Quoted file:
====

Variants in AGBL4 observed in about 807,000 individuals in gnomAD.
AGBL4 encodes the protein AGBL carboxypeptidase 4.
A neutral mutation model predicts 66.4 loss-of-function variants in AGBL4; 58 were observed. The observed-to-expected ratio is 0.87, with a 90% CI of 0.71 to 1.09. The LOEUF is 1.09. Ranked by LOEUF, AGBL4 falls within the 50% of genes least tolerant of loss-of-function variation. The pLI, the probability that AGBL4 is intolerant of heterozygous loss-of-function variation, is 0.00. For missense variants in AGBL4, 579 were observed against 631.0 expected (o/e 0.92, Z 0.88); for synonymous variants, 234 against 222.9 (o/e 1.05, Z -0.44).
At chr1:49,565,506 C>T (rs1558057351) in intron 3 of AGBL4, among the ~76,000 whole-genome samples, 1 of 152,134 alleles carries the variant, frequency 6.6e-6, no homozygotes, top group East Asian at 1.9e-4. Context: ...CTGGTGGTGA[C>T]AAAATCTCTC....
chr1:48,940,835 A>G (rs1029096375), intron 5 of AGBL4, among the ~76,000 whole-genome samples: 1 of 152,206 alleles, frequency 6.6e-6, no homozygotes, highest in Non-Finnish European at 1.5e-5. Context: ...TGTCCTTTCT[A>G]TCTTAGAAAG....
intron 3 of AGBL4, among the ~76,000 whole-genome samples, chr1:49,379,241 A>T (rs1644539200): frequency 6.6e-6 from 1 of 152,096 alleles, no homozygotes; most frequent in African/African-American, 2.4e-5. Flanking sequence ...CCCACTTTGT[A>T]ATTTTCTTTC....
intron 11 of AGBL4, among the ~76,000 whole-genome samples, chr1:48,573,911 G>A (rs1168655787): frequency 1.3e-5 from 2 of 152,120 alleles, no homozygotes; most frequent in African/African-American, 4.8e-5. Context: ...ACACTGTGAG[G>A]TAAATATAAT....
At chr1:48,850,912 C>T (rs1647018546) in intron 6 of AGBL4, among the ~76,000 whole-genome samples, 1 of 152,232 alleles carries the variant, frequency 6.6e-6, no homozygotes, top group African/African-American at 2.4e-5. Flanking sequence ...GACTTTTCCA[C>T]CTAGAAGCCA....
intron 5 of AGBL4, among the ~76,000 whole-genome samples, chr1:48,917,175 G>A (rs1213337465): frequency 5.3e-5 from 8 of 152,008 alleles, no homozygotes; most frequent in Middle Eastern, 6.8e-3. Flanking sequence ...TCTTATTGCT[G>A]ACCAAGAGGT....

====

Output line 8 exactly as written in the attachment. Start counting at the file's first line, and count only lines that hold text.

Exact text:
At chr1:48,850,912 C>T (rs1647018546) in intron 6 of AGBL4, among the ~76,000 whole-genome samples, 1 of 152,232 alleles carries the variant, frequency 6.6e-6, no homozygotes, top group African/African-American at 2.4e-5. Flanking sequence ...GACTTTTCCA[C>T]CTAGAAGCCA....